Phoebe’s Birth Story

I have no idea if anyone that reads my blog is interested in my birth story, but I read lots of these whilst I was pregnant with Phoebe and I always wanted to write my own to help me remember it all. I am so, so grateful that my birth story is a really positive one, so I hope it can reassure anyone expecting a baby in the near future that it might not be so bad after all.

Be warned, I’m not going to hold back on the details here so if you’re a little bit squeamish or if you know me well and don’t fancy reading about my vagina and what came out of it, you might want to stop reading now (hi dad).

Monday 26th August

Four days before Phoebe’s due date, I lost my mucus plug in one big blob (told you you should stop reading if you’re squeamish, didn’t I?). I knew for sure that’s what it was, it looked exactly as the name describes! But I also knew that labour can happen days or even weeks after your mucus plug comes away, so I didn’t think too much of it at this point.

Tuesday 27th August

This was my first official day of maternity leave. My mum and I decided to pop out for a coffee and a browse around some local shops, and during the day I just knew in myself that something had changed. I can’t put my finger on what it was, I just felt a bit heavier and just a bit different.

I had slight spotting that afternoon, but just a teeny bit. I knew that was quite normal but also a sign of impending labour so at this point I was convinced the baby would be born within the next few days.

That evening, Ryan and I had a pizza and played a board game, and I kept feeling the lightest of cramps, a bit like a period pain but super mild. I kept a note of when they were happening and noticed that they were about 15 minutes apart, so I was pretty sure they were very early contractions.

I decided to get an early night, so I got into my PJs and got into bed at around 9.30pm. I laid down and turned on the hypnobirth track that I listened to each evening, and within about a minute of doing the breathing with the track I felt a pop, a lot like the feeling and sound you hear when you crack your back, and then felt a long, quite painful contraction for the first time. I hopped out of bed to the loo and noticed some liquid which I knew must be the beginning of my waters breaking, so I put a maternity pad in and told Ryan to call the hospital.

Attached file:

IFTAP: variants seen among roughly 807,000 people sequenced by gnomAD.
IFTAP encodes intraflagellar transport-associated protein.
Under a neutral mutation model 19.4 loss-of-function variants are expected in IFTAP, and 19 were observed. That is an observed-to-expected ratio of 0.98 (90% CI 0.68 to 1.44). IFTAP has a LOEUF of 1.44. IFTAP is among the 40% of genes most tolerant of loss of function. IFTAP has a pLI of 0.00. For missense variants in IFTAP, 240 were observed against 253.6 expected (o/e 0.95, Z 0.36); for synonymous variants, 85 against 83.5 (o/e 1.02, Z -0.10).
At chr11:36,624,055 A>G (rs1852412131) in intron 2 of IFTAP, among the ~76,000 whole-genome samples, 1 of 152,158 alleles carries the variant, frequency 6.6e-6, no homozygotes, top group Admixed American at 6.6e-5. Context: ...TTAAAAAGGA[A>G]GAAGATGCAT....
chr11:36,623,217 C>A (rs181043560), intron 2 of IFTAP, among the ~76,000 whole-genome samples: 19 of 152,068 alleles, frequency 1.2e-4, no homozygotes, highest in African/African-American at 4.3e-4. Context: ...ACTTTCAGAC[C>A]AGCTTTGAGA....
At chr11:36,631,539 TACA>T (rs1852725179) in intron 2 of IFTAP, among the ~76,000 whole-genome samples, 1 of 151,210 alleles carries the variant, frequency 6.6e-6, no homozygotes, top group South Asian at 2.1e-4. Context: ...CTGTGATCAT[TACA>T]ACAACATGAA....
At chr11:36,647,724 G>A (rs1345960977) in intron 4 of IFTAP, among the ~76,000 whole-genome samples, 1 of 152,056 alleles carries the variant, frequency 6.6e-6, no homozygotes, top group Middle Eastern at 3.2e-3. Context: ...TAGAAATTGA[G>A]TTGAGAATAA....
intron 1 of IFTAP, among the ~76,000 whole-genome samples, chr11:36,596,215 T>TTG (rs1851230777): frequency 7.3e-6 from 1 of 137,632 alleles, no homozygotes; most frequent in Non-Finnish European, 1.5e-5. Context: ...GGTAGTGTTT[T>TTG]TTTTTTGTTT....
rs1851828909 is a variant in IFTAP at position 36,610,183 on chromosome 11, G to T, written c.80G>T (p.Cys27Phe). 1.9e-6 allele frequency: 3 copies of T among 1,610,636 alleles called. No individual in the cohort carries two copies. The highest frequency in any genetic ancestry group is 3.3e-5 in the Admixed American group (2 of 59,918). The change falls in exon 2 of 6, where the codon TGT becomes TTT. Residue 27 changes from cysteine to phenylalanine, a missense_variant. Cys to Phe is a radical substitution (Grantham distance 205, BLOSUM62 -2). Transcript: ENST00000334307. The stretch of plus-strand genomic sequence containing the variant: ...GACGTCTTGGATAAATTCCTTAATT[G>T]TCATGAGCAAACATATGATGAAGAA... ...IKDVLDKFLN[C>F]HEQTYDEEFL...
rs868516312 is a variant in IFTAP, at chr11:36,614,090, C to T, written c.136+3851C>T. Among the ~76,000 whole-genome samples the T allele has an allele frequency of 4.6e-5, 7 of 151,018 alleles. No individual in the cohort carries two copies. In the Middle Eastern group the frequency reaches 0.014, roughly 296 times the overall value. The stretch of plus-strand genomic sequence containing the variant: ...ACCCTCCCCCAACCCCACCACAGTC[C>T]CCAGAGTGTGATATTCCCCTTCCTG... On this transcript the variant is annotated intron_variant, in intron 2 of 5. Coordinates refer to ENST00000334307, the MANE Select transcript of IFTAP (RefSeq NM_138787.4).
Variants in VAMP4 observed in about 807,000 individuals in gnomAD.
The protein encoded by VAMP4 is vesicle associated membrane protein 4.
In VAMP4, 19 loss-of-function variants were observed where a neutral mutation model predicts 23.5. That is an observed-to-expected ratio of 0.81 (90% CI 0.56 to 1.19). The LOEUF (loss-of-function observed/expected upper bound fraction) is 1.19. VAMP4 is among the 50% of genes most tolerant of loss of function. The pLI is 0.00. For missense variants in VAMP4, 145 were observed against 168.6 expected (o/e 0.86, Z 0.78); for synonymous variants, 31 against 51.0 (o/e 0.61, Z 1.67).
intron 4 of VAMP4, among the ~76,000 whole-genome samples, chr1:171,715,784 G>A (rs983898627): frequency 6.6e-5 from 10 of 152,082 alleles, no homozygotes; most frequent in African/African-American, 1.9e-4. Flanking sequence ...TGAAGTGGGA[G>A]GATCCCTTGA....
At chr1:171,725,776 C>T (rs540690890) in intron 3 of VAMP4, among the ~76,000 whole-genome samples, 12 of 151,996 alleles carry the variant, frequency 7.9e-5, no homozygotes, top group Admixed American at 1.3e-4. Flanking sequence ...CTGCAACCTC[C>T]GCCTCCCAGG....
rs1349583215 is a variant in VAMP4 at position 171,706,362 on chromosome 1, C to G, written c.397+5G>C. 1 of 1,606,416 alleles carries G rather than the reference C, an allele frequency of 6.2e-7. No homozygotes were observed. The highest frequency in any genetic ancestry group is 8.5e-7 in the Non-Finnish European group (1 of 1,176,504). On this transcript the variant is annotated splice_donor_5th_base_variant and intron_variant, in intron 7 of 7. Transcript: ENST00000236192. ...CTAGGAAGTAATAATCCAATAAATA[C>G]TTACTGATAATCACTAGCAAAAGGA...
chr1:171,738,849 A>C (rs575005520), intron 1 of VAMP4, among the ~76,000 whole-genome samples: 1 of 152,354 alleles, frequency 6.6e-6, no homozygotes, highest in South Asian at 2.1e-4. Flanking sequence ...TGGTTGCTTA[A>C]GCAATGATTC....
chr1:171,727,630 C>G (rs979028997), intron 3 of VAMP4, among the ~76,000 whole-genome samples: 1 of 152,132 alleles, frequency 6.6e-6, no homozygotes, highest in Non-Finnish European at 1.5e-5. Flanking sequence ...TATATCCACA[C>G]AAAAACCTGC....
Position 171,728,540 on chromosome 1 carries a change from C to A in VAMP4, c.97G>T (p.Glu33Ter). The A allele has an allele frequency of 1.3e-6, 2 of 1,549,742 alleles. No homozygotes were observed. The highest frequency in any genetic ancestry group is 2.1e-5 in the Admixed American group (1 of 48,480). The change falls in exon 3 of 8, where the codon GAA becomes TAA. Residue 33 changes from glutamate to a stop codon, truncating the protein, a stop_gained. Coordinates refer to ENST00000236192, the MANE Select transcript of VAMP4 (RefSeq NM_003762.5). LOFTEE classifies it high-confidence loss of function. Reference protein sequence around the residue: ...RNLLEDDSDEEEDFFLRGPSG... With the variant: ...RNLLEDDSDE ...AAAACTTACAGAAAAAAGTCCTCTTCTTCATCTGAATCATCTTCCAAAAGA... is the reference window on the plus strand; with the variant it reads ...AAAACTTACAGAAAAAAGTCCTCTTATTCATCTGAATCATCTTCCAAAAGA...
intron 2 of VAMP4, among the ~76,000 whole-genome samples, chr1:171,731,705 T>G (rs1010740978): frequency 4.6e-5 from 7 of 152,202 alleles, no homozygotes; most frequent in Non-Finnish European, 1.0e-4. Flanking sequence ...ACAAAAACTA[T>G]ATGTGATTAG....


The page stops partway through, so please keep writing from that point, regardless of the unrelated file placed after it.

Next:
They told us we needed to come in, which is protocol when you think your waters have broken. They need to check that they definitely have and that you haven’t just wet yourself! I got changed into my comfy leggings and baggy T-shirt, and off we went with our hospital bags in tow.

I was feeling pretty good at this point. The contractions were manageable and happening about every five minutes. We got to the hospital at about 11pm (it takes 30 mins for us to drive there), and were seen by a midwife who checked that it was definitely my waters (it was) and took us to a room to be monitored.

She offered to check how many centimetres I was, but also said that she didn’t think it was necessary because she believed I was in the very early stages of labour. I was smiling and laughing between contractions, and she was the professional, so of course I believed her.

We were being monitored for around an hour, during which point my contractions began to get closer and closer together, and more painful. This was all clear to the midwife, as it was showing on the monitor quite obviously.

Nonetheless, once she was satisfied with the baby’s heart rate and movements, she gave me some pain relief in tablet form (I have no idea what it actually was) and a tens machine, then sent us on our way back home with an induction booked for 8am on 29th August (my birthday!).

Before we left, I asked the midwife when I would know it’s time to come back to the hospital and she said “you’ll just know.” I said to Ryan at the time that I thought I “just knew” already, but she seemed convinced that sending me home was the right thing to do. After all, it was midnight, Iso ‘d only started having pretty mild contractions two hours beforehand.

Wednesday 28th August

That car journey home was really, really not great. My contractions were getting so much closer together by the time we got home that I was getting almost no break in between them – two minutes if I was lucky. My waters suddenly fully broke and soaked the towel I was sitting on as well as my clothes, so when we got home I jumped out of the car, got changed and then had a couple of contractions at home while Ryan was on the phone to the hospital. We then got straight back in the car and drove the 30 minutes back.